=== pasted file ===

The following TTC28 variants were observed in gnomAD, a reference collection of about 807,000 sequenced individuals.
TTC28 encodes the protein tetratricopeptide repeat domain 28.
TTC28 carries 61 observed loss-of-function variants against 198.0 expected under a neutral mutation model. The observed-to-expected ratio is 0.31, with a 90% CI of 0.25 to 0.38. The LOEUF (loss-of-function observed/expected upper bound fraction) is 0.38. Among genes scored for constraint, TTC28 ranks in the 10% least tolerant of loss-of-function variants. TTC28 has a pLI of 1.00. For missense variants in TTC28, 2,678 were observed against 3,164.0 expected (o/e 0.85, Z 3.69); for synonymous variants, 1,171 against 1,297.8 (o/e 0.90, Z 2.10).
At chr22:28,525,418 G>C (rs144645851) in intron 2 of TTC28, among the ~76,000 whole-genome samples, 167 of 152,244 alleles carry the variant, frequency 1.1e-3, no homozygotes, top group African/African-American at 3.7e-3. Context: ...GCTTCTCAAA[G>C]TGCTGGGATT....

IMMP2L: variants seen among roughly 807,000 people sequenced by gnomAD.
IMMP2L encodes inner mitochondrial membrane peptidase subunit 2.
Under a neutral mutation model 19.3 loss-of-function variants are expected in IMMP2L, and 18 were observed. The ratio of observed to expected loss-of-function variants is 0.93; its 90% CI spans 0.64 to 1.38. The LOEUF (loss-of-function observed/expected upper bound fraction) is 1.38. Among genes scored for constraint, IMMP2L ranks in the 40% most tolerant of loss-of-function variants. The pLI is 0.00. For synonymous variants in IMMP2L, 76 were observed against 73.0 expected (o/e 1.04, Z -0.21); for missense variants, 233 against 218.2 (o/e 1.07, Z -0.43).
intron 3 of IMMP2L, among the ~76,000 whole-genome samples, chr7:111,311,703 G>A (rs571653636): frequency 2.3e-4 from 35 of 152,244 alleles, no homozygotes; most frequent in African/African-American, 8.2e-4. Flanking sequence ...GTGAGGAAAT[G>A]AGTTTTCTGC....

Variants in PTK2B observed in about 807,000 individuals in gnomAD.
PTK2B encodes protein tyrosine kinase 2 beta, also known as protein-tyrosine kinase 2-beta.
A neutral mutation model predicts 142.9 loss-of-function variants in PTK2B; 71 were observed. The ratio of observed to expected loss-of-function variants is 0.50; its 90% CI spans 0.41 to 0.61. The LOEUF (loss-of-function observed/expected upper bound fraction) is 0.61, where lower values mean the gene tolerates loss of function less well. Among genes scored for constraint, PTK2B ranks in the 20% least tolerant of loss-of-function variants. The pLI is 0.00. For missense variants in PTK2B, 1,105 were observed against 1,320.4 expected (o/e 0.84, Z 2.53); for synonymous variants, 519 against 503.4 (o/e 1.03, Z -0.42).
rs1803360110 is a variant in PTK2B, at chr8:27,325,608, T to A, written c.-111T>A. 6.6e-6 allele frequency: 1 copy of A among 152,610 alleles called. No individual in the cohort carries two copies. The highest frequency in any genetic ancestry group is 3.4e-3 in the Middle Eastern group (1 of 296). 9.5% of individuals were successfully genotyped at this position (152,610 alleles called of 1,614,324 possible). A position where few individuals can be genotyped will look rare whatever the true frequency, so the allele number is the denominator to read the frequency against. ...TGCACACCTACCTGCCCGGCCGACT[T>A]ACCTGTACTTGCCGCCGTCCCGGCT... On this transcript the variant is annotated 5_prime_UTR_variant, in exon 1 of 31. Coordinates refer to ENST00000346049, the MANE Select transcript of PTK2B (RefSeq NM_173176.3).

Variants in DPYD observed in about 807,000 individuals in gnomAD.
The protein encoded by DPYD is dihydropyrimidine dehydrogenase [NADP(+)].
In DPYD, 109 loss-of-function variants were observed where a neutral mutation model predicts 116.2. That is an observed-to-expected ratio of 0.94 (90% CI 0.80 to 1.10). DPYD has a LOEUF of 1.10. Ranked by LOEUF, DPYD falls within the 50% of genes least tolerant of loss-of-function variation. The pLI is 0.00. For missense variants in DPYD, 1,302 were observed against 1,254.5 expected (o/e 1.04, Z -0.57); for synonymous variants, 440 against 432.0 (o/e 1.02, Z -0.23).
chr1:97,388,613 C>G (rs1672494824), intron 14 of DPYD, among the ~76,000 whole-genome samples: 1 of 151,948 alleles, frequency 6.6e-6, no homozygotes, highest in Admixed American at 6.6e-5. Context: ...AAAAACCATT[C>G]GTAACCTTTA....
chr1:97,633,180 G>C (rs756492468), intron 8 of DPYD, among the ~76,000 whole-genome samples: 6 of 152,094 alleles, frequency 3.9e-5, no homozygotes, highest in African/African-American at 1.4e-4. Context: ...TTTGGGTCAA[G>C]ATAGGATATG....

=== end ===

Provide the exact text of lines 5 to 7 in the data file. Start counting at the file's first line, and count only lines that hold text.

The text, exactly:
IMMP2L: variants seen among roughly 807,000 people sequenced by gnomAD.
IMMP2L encodes inner mitochondrial membrane peptidase subunit 2.
Under a neutral mutation model 19.3 loss-of-function variants are expected in IMMP2L, and 18 were observed. The ratio of observed to expected loss-of-function variants is 0.93; its 90% CI spans 0.64 to 1.38. The LOEUF (loss-of-function observed/expected upper bound fraction) is 1.38. Among genes scored for constraint, IMMP2L ranks in the 40% most tolerant of loss-of-function variants. The pLI is 0.00. For synonymous variants in IMMP2L, 76 were observed against 73.0 expected (o/e 1.04, Z -0.21); for missense variants, 233 against 218.2 (o/e 1.07, Z -0.43).